World Economy

China's economy grew 6.9% in 2017, topping both the official target and 2016's growth

Key Points
  • China announced 2017 and fourth-quarter gross domestic product figures on Thursday
  • China's economy grew 6.9 percent in 2017 and 6.8 percent in the fourth quarter against the prior year ago period
  • Analysts polled by Reuters had expected GDP growth at 6.7 percent, cooling from a 6.8 percent expansion in the previous quarter
What’s in store for China’s economy?
What’s in store for China’s economy?

China's economy grew 6.9 percent in 2017, ending the year on a positive note as official figures topped the government target of around 6.5 percent, the country's statistics bureau said on Thursday.

The growth came despite widespread concerns in the last year about financial risks in the East Asian giant amid a government-led economic restructuring.

"It is true that there is a part of the economy — the old economy, heavy industries, property-linked (sectors) — which is slowing deliberately. But there are other parts, the new economy which includes services...(and) includes parts of the manufacturing sector, high tech (industries) which are showing strength and that seems to be persisting in this data," said Duncan Wrigley, chief strategist at Everbright Sun Hung Kai.

The 2017 data represented an improvement over the prior year: China's final GDP figure for 2016 was 6.7 percent, which was the lowest in 26 years.

For 2017's fourth quarter, GDP growth was 6.8 percent. That topped analysts' forecast for 6.7 percent growth in the quarter from the same period a year ago, according to a poll of economists by Reuters.

Beijing's official full-year GDP target for 2017 had been "around 6.5 percent," but there was already an upside surprise expected as the country repeatedly posted robust economic data in part due to a global recovery.

Looking ahead, economists polled by Reuters predicted China's economic growth would slow to 6.5 percent in 2018.

The Chinese economy is going through a phase of "creative destruction" as lively new economy sectors like e-commerce and online financial services coexist with still-dominant old economy sectors, said Chi Lo, BNP Paribas Investment Partners economist for Greater China.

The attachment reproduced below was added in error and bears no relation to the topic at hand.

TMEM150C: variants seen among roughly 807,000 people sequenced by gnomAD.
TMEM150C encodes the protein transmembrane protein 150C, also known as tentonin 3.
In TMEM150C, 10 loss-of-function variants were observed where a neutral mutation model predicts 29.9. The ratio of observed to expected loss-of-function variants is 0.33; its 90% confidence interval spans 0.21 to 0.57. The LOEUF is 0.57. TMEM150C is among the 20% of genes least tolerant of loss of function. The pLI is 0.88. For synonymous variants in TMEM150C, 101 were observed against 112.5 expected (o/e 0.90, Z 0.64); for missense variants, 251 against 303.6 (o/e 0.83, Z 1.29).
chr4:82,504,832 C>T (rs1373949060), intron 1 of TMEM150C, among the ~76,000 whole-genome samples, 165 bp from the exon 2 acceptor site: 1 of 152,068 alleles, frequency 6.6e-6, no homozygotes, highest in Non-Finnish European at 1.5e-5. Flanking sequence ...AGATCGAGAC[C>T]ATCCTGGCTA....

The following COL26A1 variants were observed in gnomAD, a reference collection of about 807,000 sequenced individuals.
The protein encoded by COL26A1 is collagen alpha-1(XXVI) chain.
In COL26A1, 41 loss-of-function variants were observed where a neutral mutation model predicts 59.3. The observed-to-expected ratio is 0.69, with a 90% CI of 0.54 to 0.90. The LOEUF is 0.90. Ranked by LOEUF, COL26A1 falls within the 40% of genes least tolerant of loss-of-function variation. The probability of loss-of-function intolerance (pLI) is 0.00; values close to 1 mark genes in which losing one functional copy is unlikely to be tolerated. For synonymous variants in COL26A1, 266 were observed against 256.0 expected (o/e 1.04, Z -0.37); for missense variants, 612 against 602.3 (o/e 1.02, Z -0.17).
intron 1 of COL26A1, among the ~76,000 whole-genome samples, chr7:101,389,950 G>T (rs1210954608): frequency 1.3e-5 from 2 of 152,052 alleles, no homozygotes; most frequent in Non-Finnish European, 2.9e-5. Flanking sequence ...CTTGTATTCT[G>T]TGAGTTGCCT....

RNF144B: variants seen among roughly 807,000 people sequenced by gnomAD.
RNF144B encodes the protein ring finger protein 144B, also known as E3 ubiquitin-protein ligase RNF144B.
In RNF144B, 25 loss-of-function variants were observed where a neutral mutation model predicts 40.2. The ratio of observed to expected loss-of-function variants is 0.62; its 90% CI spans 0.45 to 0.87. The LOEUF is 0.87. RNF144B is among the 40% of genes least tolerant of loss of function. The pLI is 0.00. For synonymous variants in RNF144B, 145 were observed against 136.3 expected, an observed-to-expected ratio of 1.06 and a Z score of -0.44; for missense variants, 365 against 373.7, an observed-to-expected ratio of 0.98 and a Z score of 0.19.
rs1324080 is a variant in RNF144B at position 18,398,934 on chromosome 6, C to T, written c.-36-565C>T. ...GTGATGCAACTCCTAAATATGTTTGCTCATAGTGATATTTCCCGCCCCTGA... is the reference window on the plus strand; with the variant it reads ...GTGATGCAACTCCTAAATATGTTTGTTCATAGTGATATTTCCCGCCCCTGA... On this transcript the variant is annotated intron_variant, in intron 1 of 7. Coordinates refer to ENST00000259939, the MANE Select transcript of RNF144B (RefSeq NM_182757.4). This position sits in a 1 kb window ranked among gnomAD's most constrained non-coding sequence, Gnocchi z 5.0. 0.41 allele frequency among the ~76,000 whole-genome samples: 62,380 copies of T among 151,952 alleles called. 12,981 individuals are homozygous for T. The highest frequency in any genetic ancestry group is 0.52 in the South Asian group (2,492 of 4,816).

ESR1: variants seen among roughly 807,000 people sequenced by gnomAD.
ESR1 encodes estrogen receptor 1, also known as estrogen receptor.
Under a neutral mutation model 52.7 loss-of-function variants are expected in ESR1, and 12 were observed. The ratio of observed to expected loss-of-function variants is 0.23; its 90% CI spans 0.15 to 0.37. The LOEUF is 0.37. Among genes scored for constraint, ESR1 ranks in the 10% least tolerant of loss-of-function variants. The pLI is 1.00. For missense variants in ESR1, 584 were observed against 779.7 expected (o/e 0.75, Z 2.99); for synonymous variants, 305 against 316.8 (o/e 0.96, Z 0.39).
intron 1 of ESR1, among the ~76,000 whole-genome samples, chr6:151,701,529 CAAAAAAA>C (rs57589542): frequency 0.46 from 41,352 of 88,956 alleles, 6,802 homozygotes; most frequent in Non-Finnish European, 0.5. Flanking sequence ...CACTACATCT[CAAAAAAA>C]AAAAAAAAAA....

However, growth in the old economy still outpaces in the new economy, so "when you mix the two together, there is an inherent drag on growth," Chi told CNBC.

"The power of creation is not yet strong enough to overwhelm the power of destruction in the economy, but the transition is structurally positive," he added.

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China, for its part, will keep its target for economic growth at "around 6.5 percent" in 2018, unchanged from last year, Reuters reported earlier in January, citing unnamed policy sources.

The world's second-largest economy has been fighting debt for years as it tries to balance economic stability against the potential fallout from any sharp deceleration.

Resilient external demand and robust domestic household consumption will bolster China's economy in 2018, said Sian Fenner, economist at Oxford Economics.

"The government is making moves to make sure that, for one thing, (the country is) rebalancing away from investment (with) monetary tightening and policies for ensuring that financial risks are also reduced, which should also mean that investment actually does continue to slow this year," Fenner told CNBC.

She said she expected Chinese real estate investment to slow this year, although low inventories will prevent the sector from a sharp slowdown.

Risks to the Chinese economy in 2018 include trade protectionism as U.S. President Donald Trump's administration looks likely to readdress the yawning trade gap between the two countries, Fenner added.